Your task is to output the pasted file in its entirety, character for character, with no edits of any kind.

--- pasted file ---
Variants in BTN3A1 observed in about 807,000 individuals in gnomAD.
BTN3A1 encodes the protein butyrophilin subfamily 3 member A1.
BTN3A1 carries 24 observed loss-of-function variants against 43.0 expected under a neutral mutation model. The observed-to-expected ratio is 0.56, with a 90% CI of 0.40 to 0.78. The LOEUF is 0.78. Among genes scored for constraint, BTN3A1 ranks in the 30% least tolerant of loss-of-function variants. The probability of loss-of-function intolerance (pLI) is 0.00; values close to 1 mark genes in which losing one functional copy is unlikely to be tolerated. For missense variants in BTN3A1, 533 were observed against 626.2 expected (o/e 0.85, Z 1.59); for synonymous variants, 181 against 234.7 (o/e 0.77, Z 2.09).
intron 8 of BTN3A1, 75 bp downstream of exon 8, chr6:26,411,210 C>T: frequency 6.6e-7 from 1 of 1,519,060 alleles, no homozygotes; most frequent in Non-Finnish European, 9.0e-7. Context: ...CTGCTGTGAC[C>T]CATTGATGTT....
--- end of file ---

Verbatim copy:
Variants in BTN3A1 observed in about 807,000 individuals in gnomAD.
BTN3A1 encodes the protein butyrophilin subfamily 3 member A1.
BTN3A1 carries 24 observed loss-of-function variants against 43.0 expected under a neutral mutation model. The observed-to-expected ratio is 0.56, with a 90% CI of 0.40 to 0.78. The LOEUF is 0.78. Among genes scored for constraint, BTN3A1 ranks in the 30% least tolerant of loss-of-function variants. The probability of loss-of-function intolerance (pLI) is 0.00; values close to 1 mark genes in which losing one functional copy is unlikely to be tolerated. For missense variants in BTN3A1, 533 were observed against 626.2 expected (o/e 0.85, Z 1.59); for synonymous variants, 181 against 234.7 (o/e 0.77, Z 2.09).
intron 8 of BTN3A1, 75 bp downstream of exon 8, chr6:26,411,210 C>T: frequency 6.6e-7 from 1 of 1,519,060 alleles, no homozygotes; most frequent in Non-Finnish European, 9.0e-7. Context: ...CTGCTGTGAC[C>T]CATTGATGTT....